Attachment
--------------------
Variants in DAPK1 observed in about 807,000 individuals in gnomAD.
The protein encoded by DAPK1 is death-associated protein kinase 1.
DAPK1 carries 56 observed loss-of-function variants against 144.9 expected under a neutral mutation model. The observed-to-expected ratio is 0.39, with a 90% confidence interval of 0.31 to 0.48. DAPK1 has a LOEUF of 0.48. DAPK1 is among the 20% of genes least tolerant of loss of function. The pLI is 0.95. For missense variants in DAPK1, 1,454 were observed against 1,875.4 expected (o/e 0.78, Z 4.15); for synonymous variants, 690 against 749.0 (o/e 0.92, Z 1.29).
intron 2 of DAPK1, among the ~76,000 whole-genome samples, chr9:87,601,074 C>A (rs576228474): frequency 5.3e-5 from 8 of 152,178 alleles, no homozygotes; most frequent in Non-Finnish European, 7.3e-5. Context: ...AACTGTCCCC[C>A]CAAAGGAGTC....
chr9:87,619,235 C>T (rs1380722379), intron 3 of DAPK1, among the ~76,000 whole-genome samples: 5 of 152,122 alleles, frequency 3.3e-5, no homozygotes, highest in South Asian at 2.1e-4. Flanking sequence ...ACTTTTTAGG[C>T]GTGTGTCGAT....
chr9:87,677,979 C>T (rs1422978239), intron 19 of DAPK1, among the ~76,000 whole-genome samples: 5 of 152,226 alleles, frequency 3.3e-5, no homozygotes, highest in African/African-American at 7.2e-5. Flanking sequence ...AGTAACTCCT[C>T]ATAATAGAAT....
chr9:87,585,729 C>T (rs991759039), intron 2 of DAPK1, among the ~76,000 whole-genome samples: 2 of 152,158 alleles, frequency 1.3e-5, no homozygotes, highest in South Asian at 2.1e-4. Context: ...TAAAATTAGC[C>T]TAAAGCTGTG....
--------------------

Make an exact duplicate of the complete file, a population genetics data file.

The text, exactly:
Variants in DAPK1 observed in about 807,000 individuals in gnomAD.
The protein encoded by DAPK1 is death-associated protein kinase 1.
DAPK1 carries 56 observed loss-of-function variants against 144.9 expected under a neutral mutation model. The observed-to-expected ratio is 0.39, with a 90% confidence interval of 0.31 to 0.48. DAPK1 has a LOEUF of 0.48. DAPK1 is among the 20% of genes least tolerant of loss of function. The pLI is 0.95. For missense variants in DAPK1, 1,454 were observed against 1,875.4 expected (o/e 0.78, Z 4.15); for synonymous variants, 690 against 749.0 (o/e 0.92, Z 1.29).
intron 2 of DAPK1, among the ~76,000 whole-genome samples, chr9:87,601,074 C>A (rs576228474): frequency 5.3e-5 from 8 of 152,178 alleles, no homozygotes; most frequent in Non-Finnish European, 7.3e-5. Context: ...AACTGTCCCC[C>A]CAAAGGAGTC....
chr9:87,619,235 C>T (rs1380722379), intron 3 of DAPK1, among the ~76,000 whole-genome samples: 5 of 152,122 alleles, frequency 3.3e-5, no homozygotes, highest in South Asian at 2.1e-4. Flanking sequence ...ACTTTTTAGG[C>T]GTGTGTCGAT....
chr9:87,677,979 C>T (rs1422978239), intron 19 of DAPK1, among the ~76,000 whole-genome samples: 5 of 152,226 alleles, frequency 3.3e-5, no homozygotes, highest in African/African-American at 7.2e-5. Flanking sequence ...AGTAACTCCT[C>T]ATAATAGAAT....
chr9:87,585,729 C>T (rs991759039), intron 2 of DAPK1, among the ~76,000 whole-genome samples: 2 of 152,158 alleles, frequency 1.3e-5, no homozygotes, highest in South Asian at 2.1e-4. Context: ...TAAAATTAGC[C>T]TAAAGCTGTG....